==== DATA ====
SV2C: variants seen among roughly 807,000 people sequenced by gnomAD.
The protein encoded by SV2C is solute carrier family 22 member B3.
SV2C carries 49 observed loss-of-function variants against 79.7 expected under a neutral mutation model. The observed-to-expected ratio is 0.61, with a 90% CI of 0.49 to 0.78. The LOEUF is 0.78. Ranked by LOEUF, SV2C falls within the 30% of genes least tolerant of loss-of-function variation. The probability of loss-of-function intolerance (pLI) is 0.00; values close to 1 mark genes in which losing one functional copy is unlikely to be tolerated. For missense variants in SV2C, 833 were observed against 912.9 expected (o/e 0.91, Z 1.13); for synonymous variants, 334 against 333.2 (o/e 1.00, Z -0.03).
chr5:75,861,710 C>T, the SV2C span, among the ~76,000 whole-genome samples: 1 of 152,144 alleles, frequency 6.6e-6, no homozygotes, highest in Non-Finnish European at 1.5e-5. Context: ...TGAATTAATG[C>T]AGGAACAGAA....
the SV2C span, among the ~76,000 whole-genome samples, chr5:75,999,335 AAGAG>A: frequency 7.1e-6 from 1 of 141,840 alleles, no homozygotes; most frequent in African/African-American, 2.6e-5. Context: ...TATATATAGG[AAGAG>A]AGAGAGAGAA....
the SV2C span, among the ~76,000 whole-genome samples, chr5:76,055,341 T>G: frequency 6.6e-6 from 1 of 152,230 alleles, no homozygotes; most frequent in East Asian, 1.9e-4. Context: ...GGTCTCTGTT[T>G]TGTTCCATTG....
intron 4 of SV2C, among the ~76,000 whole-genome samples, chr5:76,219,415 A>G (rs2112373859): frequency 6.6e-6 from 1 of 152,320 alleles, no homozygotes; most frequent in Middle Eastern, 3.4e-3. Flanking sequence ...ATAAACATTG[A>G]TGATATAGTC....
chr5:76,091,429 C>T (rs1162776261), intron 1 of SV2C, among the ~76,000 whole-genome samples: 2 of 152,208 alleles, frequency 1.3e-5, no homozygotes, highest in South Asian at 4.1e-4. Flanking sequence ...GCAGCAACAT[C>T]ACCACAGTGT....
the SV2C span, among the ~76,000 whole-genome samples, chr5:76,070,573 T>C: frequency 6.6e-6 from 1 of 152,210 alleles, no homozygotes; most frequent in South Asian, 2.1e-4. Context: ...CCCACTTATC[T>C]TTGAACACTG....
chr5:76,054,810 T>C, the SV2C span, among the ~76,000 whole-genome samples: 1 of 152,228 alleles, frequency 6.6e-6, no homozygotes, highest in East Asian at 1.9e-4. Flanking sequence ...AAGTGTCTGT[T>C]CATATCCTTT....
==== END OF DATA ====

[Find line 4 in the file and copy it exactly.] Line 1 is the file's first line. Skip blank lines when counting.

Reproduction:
chr5:75,861,710 C>T, the SV2C span, among the ~76,000 whole-genome samples: 1 of 152,144 alleles, frequency 6.6e-6, no homozygotes, highest in Non-Finnish European at 1.5e-5. Context: ...TGAATTAATG[C>T]AGGAACAGAA....